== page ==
Base Camp Big Pine Lakes

The drive to Bishop was uneventful, the same drive we do each year, the same scenery but just a little dryer. We had finally got away from Big Bear by 10:00 am. The traffic was flowing nicely with none of the congestion that we normally encounter, most likely from people still nursing hangovers or eating breakfast from the previous nights celebrations. We had taken the back route from Big Bear, taking California State Route 18 through the Lucerne Valley on to Apple Valley, through Victorville and dog legged over to U.S. Highway 395.

The day had started off with clear blue skies with a little wispy cloud but as we traveled northwards the cloud was generally thickening up. Over the Sierra Nevada the thick cloud was evident, there was little or no sign of snow pack, long gone from the continuous melt from the record dry seasons, from the previous four years. Watching the cloud build, we were all wondering at what level the alpine lakes would be and would the fishing be of the same quality that we had become accustomed to.

The U.S. Highway 395 had been upgraded with new asphalt and widened by a lane, this had been an ongoing operation the last time we had traveled this way and thankfully it was all complete, making for a smooth ride. The temperature was in the low 90’s about ten degrees less than normal but another welcoming break, giving the air conditioning a chance to do its job. The dogs were relaxed, Murphy was an old hand at this type of travel and Rosie, this was totally new to her, alternated between the floor of the truck and the rear bench seat.

We had decided to gas up at Lone Pine and catch a bite to eat at the Carl’s Jr. drive through, we were on schedule and everyone was becoming restless with the need for a break. Burgers and fries in their various forms plus two large half pound beef patties, one each for the dogs, together with two milk shakes and two sodas. This was a welcome lunch as we still had to drive to Bishop passing through Independence and Big Pine on the way.

Lunch completed, everyone watered and off we go, the sky is getting darker by the minute and we are sure that rain is imminent. Before long the skies open, lightening followed by distant thunder in the direction that we are going makes us wonder what we are in store for. The time to travel from Lone Pine to Bishop is just over an hour and the weather does not improve. We find the rangers station to collect the wilderness permit, it’s raining large pea size drops that quickly soak the asphalt. A dash for the door and in, there’s one person in front before collecting the permit, the normal information is offered, no open fires in the wilderness, bear vaults, clothing, carry trash out and so on. With the permit now collected it’s back to Big Pine some fifteen miles away to hit the road that will take us to the trail head and an overnight stay at one of the camp grounds. We are hoping for a break in the weather so we can at least set up the tent for the night.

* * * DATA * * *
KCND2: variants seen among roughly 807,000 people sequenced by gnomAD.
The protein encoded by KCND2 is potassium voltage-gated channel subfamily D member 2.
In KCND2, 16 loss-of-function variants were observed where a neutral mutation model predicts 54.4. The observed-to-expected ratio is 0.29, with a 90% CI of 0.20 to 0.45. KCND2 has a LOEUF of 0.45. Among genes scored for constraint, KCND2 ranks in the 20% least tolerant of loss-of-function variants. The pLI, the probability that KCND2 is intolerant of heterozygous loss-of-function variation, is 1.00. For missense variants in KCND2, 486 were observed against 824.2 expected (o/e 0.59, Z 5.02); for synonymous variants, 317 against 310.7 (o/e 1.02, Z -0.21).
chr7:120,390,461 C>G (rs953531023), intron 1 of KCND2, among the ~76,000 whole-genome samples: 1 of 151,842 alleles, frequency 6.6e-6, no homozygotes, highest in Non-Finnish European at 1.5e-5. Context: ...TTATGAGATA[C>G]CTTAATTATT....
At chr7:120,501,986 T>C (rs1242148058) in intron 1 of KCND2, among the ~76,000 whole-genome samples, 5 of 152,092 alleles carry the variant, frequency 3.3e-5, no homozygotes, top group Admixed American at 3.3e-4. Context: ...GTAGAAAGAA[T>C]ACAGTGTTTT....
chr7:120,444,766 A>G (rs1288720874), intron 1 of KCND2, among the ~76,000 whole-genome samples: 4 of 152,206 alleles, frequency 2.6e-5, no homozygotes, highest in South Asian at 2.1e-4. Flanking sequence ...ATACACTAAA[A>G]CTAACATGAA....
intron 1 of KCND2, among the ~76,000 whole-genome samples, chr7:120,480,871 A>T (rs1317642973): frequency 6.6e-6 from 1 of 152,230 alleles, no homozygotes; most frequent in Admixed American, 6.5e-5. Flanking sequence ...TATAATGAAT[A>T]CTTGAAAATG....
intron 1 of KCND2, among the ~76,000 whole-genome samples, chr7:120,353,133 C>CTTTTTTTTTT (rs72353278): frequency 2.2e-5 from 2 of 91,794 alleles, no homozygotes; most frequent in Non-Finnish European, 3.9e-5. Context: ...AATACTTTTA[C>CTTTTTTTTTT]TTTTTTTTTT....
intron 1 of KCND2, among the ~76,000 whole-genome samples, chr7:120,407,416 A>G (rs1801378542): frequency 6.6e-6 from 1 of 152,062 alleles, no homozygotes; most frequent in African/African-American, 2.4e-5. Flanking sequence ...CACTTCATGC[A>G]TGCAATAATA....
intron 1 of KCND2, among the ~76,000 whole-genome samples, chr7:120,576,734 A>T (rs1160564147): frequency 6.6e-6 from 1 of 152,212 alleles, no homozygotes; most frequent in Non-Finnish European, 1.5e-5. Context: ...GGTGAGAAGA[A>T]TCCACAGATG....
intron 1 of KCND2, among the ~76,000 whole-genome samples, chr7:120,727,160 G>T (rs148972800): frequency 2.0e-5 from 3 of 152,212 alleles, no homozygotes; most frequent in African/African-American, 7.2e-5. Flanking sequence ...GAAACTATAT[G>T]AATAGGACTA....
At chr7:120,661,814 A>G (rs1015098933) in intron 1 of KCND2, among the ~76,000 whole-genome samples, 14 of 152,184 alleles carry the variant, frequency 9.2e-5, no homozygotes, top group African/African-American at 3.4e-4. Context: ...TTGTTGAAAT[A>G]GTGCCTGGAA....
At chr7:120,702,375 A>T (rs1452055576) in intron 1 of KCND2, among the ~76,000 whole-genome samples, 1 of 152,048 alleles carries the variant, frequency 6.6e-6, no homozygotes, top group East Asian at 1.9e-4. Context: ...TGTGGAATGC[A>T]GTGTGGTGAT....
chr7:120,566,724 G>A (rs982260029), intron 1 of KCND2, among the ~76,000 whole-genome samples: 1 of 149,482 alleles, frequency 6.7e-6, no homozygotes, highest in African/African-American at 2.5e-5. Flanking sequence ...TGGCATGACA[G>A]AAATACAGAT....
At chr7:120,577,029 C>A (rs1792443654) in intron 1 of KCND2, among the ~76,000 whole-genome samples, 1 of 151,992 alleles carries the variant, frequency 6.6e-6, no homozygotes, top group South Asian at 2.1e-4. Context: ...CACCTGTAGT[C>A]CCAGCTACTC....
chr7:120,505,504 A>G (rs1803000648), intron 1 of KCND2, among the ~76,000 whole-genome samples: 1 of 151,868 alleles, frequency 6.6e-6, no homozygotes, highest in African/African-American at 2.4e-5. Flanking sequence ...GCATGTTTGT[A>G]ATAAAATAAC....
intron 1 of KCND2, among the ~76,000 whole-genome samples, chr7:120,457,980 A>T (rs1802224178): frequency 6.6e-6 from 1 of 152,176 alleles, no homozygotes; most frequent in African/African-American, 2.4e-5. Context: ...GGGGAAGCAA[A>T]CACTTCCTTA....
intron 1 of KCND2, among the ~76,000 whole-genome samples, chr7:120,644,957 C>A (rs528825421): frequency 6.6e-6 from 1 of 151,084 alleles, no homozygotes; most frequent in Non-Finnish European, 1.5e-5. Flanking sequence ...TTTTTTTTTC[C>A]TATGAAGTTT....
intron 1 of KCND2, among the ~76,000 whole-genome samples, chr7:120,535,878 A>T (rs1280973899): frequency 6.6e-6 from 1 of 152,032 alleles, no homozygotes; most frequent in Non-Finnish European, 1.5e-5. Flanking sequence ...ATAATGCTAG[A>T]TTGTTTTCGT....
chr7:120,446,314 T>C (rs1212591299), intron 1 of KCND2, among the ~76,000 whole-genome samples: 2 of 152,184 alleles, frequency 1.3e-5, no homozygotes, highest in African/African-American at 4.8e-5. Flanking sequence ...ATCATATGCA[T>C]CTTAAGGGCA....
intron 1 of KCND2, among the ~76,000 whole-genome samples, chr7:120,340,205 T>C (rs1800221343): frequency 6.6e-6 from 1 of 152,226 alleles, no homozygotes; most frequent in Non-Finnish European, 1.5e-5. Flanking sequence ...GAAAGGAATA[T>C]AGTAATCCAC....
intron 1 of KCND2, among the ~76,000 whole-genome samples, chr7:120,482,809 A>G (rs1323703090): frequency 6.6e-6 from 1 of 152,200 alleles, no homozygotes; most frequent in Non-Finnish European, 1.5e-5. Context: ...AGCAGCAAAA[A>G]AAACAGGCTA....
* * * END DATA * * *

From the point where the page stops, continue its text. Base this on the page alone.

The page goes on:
We reach the over night parking for the trail head and drive past to find the nearest camp ground, approximately one mile away, here we find a spot close to bathrooms with a cost of $21.00 a night. Setting up camp is a breeze, we have the Big Agnes Copper Spur four person tent that is easily distributed among the backpacks. This tent is not only light but strong at the same time especially with four people. The rain has dispersed, backpacks are stored in the large stationary bear vault at the camp site and the dogs are each on their separate long lines, tethered to the nearest tree by the tent. The truck now has to be driven to the trail head one mile away and Pam, my wife takes it, she’s such a trooper, parking and running back while I’m organizing the bear locker.

Kids and dogs pose by the bear vault

We snack down on the trail food wishing we had picked up something extra for the overnight stay but who would know we would be that hungry after the large amount of food we had previously ate. Walking around the campground gave us a chance to view the sites, a stream ran along side with trout swimming against the current picking any flies that would come their way. Night was closing in as we met up with a local who gave us an overview of the trail we would be climbing in the morning, good information is always welcome and removes any doubts on the direction we should go.

It’s time to call it a night, the dogs are settled down in the vestibule and we are going to play Phase 10, a game that entertains the whole family. Sleep is catching us up, we want to be on the trail early to escape the heat, approximately six miles to reach our destination between second and third lake.

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